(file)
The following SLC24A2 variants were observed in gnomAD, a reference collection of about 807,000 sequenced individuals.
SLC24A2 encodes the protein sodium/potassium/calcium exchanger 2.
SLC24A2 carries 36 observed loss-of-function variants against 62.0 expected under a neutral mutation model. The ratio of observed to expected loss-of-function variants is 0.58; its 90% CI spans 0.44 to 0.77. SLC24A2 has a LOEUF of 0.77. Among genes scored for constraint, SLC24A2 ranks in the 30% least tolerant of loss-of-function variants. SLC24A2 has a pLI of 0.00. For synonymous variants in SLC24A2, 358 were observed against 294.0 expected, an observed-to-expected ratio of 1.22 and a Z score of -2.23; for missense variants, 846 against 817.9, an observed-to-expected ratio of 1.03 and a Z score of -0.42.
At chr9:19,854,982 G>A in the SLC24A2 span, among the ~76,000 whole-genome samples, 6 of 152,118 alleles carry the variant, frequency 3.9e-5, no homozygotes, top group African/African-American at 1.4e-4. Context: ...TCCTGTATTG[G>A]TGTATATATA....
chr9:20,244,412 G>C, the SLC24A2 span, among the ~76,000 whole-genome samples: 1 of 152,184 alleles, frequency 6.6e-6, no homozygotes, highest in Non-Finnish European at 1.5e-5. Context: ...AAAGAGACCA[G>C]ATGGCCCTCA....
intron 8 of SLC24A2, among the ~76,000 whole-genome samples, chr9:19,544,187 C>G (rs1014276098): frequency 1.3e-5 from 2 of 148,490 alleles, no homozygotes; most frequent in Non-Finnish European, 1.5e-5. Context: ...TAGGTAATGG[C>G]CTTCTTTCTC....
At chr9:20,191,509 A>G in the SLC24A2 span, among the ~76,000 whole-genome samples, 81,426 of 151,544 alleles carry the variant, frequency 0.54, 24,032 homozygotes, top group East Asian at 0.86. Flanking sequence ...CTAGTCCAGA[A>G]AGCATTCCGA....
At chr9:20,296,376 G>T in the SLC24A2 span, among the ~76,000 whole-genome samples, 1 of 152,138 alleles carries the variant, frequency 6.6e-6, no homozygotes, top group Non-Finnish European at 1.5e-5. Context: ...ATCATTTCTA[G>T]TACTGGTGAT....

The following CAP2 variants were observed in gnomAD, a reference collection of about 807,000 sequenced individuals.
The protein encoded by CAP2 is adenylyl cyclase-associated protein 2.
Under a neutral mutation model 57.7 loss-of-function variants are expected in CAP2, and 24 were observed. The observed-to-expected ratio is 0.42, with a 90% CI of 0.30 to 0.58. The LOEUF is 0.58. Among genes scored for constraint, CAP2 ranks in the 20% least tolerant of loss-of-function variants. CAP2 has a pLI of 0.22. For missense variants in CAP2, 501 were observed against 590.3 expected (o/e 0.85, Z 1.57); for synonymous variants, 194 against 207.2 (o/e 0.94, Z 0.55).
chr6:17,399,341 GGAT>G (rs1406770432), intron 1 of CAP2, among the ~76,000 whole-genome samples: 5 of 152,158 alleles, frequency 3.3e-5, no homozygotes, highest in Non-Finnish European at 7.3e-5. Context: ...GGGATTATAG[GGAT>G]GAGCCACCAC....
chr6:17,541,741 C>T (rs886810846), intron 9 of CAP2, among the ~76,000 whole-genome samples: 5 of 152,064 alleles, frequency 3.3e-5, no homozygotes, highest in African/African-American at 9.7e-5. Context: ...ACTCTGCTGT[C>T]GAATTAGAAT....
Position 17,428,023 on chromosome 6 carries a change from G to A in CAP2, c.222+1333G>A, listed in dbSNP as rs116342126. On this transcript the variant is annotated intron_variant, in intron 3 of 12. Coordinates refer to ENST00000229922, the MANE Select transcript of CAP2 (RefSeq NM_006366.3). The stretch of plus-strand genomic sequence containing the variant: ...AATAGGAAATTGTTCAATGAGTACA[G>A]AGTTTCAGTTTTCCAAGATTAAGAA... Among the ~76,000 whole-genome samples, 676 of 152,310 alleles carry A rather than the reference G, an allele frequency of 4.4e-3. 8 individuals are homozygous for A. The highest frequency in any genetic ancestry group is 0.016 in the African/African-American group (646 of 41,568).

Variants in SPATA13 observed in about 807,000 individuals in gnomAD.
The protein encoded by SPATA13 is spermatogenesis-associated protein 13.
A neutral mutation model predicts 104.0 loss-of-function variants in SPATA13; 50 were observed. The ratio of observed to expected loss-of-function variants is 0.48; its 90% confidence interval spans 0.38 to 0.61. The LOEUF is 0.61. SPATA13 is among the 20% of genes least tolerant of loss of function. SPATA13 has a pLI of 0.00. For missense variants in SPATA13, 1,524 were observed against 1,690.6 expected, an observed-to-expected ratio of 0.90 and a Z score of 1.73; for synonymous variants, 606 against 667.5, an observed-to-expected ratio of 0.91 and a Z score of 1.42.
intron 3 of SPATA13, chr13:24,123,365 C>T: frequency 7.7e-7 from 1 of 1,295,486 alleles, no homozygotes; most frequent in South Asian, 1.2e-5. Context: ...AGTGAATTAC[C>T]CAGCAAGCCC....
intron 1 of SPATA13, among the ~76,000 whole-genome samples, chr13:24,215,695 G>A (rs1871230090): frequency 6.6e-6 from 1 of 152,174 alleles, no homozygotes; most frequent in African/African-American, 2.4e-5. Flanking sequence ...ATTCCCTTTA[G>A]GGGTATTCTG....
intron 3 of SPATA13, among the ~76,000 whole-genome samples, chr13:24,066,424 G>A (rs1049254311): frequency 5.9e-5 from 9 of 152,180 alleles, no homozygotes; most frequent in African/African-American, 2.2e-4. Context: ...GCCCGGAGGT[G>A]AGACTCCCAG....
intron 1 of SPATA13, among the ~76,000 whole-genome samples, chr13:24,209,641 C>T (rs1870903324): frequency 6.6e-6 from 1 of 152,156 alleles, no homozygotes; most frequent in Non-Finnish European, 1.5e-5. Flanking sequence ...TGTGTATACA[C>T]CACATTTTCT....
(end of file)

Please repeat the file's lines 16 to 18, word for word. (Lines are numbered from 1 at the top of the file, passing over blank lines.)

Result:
The protein encoded by SPATA13 is spermatogenesis-associated protein 13.
A neutral mutation model predicts 104.0 loss-of-function variants in SPATA13; 50 were observed. The ratio of observed to expected loss-of-function variants is 0.48; its 90% confidence interval spans 0.38 to 0.61. The LOEUF is 0.61. SPATA13 is among the 20% of genes least tolerant of loss of function. SPATA13 has a pLI of 0.00. For missense variants in SPATA13, 1,524 were observed against 1,690.6 expected, an observed-to-expected ratio of 0.90 and a Z score of 1.73; for synonymous variants, 606 against 667.5, an observed-to-expected ratio of 0.91 and a Z score of 1.42.
intron 3 of SPATA13, chr13:24,123,365 C>T: frequency 7.7e-7 from 1 of 1,295,486 alleles, no homozygotes; most frequent in South Asian, 1.2e-5. Context: ...AGTGAATTAC[C>T]CAGCAAGCCC....